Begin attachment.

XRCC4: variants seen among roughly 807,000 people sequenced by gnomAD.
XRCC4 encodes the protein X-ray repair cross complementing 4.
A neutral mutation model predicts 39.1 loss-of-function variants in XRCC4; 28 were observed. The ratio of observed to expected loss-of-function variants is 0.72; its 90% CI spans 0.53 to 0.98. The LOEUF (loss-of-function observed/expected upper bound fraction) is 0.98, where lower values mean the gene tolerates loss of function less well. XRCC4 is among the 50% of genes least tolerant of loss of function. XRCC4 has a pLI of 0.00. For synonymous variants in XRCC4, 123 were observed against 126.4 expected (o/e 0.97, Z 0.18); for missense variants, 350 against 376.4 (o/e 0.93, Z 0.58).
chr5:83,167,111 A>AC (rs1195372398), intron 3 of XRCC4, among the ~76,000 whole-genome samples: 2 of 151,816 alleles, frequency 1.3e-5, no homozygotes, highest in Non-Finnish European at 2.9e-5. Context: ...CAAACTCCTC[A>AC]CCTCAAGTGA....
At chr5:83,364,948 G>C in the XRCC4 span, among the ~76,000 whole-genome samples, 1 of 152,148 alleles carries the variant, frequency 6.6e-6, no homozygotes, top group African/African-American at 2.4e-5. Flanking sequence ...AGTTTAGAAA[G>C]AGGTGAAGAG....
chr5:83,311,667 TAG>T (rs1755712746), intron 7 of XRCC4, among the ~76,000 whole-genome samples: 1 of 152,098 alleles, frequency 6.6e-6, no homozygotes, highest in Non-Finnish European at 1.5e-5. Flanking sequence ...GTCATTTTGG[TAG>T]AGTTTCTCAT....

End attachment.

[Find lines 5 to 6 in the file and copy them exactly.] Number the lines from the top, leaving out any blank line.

At chr5:83,364,948 G>C in the XRCC4 span, among the ~76,000 whole-genome samples, 1 of 152,148 alleles carries the variant, frequency 6.6e-6, no homozygotes, top group African/African-American at 2.4e-5. Flanking sequence ...AGTTTAGAAA[G>C]AGGTGAAGAG....
chr5:83,311,667 TAG>T (rs1755712746), intron 7 of XRCC4, among the ~76,000 whole-genome samples: 1 of 152,098 alleles, frequency 6.6e-6, no homozygotes, highest in Non-Finnish European at 1.5e-5. Flanking sequence ...GTCATTTTGG[TAG>T]AGTTTCTCAT....